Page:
Using satellite and sub-orbit observations to improve boundary layer ammonia and PM2.5 mixing ratios associated with agricultural emission and its effects on climate and air quality
Principal Investigator: Dr. Viney P. Aneja
Dr. Daniel Tong, NOAA/GMU
Dr. Jennifer Wei, Adnet Systems
Dr. Pius Lee, NOAA
Dr. Hang Lei, NOAA
Dr. Huisheng Bian, NASA/JCET
Dr. Juying Warner, UMCP
Ph. D. Student:
Mr. William Battye
Ms. Casey Bray
Concentrated animal feeding operations (CAFOs) are prominent sources of ammonia (NH3) and fine particulate matter (PM2.5) emissions and thus have a significant impact on air quality, human health, and climate. However, there are considerable uncertainties associated with NH3 and PM2.5 emissions from agriculture dominated regions, limiting our predictive capability to use atmospheric models to assess the impacts of agricultural activities on air quality and climate. Moreover, it remains elusive how atmospheric NH3 is changing and how such a change will affect air quality from local to regional scale.
Proposed solution. We propose a 3-year multi-institutional integrated atmospheric composition and air quality project to utilize NASA Earth Science observations (satellite, sub-orbital and ground) to support air quality modeling and analysis of NH3 and PM2.5 change associated with intensive agriculture.
The primary objective of this study is to address three science questions: 1) How are agricultural emissions changing in the past decade? 2) How well can the 3-D chemical transport models be used to study the emissions, transformation and removal of NH3 and PM2.5 over agriculture-dominated regions? 3) How can NASA Earth observations be utilized to improve agricultural emissions, constraint model processes, and verify model prediction? To this end, we propose the following activities to be conducted by a team of emission scientists, Earth scientists and air quality modelers:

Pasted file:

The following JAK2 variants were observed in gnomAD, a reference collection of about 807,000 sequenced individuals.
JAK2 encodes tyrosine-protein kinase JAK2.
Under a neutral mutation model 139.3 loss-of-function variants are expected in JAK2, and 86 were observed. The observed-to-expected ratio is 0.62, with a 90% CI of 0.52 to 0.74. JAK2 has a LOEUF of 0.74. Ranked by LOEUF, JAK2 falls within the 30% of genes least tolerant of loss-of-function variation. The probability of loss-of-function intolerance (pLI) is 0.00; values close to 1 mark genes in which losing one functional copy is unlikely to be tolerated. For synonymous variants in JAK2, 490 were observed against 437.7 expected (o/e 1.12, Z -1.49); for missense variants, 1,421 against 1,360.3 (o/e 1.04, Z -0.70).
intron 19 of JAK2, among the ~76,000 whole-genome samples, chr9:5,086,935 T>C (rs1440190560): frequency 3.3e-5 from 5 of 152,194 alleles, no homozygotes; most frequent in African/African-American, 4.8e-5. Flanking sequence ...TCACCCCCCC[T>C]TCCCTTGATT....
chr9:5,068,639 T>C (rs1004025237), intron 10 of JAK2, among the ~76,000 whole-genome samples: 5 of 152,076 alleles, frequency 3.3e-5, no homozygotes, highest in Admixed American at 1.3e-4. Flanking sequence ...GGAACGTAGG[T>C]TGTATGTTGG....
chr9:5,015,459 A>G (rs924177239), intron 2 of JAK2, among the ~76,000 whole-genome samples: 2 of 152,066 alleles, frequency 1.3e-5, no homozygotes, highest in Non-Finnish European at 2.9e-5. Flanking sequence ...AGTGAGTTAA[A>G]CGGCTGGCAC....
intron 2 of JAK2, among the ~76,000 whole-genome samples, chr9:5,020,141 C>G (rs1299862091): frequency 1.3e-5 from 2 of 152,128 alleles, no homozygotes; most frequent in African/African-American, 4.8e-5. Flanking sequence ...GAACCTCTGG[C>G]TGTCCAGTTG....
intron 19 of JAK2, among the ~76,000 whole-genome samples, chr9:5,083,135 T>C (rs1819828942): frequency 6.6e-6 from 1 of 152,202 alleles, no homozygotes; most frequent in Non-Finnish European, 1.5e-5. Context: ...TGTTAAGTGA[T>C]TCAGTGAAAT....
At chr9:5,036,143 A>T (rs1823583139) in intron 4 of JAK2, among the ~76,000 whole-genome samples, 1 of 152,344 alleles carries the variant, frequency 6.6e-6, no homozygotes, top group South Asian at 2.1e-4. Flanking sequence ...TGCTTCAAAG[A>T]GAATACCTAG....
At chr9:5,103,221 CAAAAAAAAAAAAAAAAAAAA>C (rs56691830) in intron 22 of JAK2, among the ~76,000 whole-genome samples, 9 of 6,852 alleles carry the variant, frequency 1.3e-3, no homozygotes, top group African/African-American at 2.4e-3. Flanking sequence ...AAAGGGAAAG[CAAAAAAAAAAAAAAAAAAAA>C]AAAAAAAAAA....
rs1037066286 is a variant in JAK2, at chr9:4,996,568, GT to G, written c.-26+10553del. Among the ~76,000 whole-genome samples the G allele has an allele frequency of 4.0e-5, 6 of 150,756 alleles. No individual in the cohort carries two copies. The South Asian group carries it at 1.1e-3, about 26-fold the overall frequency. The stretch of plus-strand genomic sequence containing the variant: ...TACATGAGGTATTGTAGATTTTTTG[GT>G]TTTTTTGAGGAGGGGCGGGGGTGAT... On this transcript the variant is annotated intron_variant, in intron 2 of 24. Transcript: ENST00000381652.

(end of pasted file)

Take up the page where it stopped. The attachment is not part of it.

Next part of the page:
A National Workshop on Agricultural Air Quality, Principal Investigator and Project Scientist - Viney P. Aneja; January 1, 2005 - December 31, 2009 ($394,868)
A 3 –year multi- institutional program to organize a National Workshop on Agricultural Air Quality in collaboration with the Ecological Society of America during FY 2006 in and around Washington DC. The project team is multidisciplinary. It comprises of air quality, agricultural, and environmental scientists. The workshop has the express purpose to create a document that will be used to improve agricultural air quality emission inventories for air pollutants, to recommend changes and improvements in measurement technologies and monitoring methodologies, modeling and transport of odor and air pollutants and recommend best production practices to mitigate air pollutant emissions. Agricultural Air Quality is an important and emerging research topical area with significant multidisciplinary components. Agriculture, forest, and range production practices have increasingly become subject to state and federal regulations that are meant to protect air resources. In many instances, data do not exist or are not representative of agricultural industries for the purpose of estimating emissions to the atmosphere of regulated pollutants or of public nuisances such as odors and fugitive dust.